Israeli Prime Minister Benjamin Netanyahu addresses supporters on election night at Likud Party headquarters in Jerusalem, March 23, 2021. Photo by Olivier Fitoussi/Flash90.
by Jonathan Tobin
(JNS) — When the first exit polls were published, it seemed as if the long stalemate had been ended. Within a couple of hours, however, the polls had been revised, and by the end of a long night and morning of counting, it turned out that the deadlock between those who wish to keep Benjamin Netanyahu as prime minister and those who want to get rid of him hadn’t been broken.
With 88.5 percent of the vote counted (and with approximately half a million absentee votes that could alter the electoral math still left to be tabulated), the parties supporting Netanyahu, plus one likely coalition partner, had fallen two seats short of the 61 Knesset seats needed to form a new government. By the same token, the disparate group of parties that agree on very little, but which are all pledged to oust the prime minister, were similarly short of a clear path to an alternative government.
This fourth consecutive election stalemate in two years is a discouraging outcome for the Jewish state. It’s not just an annoying waste of time. More than that, it has been estimated that the cost of holding these four votes amounted to $4.24 billion — a staggering sum for a small country that, like the rest of the world, is dealing with the economic catastrophe caused by the ongoing coronavirus pandemic. Aside from the not-inconsiderable expenses involved in staging the contest, election days are legal holidays in Israel. That costs company holiday pay, as well as a loss of productivity and sales, even though some businesses, like restaurants, benefit from people having the day off.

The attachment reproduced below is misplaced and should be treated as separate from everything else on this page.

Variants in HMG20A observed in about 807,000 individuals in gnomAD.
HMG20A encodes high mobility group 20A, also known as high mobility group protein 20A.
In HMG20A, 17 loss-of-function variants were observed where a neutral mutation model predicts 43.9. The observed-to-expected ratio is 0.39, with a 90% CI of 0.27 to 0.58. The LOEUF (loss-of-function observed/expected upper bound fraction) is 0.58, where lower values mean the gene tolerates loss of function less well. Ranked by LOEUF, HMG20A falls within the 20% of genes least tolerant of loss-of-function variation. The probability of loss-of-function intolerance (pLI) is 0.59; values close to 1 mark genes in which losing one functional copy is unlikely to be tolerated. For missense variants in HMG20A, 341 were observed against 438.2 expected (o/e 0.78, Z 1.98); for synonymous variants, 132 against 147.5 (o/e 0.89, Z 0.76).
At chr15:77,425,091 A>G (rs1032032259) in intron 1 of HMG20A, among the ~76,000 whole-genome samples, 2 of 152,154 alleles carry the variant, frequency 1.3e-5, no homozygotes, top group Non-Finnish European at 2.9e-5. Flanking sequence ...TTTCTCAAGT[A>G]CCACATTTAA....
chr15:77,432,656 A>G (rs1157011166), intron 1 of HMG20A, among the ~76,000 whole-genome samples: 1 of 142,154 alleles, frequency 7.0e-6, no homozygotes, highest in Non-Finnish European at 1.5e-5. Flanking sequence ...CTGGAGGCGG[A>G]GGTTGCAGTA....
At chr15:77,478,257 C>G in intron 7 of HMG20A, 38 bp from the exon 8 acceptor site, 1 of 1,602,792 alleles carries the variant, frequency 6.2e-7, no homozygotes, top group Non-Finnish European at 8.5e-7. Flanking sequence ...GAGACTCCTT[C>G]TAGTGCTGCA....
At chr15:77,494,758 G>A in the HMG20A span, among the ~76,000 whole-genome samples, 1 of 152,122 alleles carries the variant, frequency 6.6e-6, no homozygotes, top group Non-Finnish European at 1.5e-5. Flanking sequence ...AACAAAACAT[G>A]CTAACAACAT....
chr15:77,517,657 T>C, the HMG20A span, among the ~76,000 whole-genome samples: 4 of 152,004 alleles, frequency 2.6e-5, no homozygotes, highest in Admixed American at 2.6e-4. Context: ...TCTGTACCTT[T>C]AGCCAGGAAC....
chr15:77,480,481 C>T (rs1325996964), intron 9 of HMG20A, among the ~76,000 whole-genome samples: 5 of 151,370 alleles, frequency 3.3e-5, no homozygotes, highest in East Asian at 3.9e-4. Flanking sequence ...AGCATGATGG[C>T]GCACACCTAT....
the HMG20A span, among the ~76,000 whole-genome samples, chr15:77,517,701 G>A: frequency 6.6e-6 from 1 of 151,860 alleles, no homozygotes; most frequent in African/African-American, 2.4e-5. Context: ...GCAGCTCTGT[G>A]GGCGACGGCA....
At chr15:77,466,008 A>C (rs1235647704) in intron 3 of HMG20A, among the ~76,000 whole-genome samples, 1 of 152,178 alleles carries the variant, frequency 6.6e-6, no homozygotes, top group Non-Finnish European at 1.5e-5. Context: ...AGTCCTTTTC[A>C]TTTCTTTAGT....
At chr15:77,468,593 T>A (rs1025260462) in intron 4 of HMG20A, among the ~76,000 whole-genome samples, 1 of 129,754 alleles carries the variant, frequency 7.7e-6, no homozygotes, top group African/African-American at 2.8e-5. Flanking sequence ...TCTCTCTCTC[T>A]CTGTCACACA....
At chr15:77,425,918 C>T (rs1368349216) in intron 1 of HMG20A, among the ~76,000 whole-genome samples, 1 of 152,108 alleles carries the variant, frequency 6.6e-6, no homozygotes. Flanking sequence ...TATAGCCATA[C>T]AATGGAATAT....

Then there is the plain fact that the lack of a national budget for 2020 — let alone 2021 — is also a blow to stability and the country’s economic well-being.
There is a national consensus that the standoff has been something of a disgrace since, among other things, the frequency of elections means that Israel has now surpassed Italy as the home of the most unstable democracy in the world. And yet, the one person who hasn’t been hurt by it is Netanyahu. The failure to form a stable government has served him fairly well since it enables him to govern without actually winning an election. Even the lack of a budget has made it easier for him since he hasn’t been hampered by the financial negotiations that would have undermined his agenda.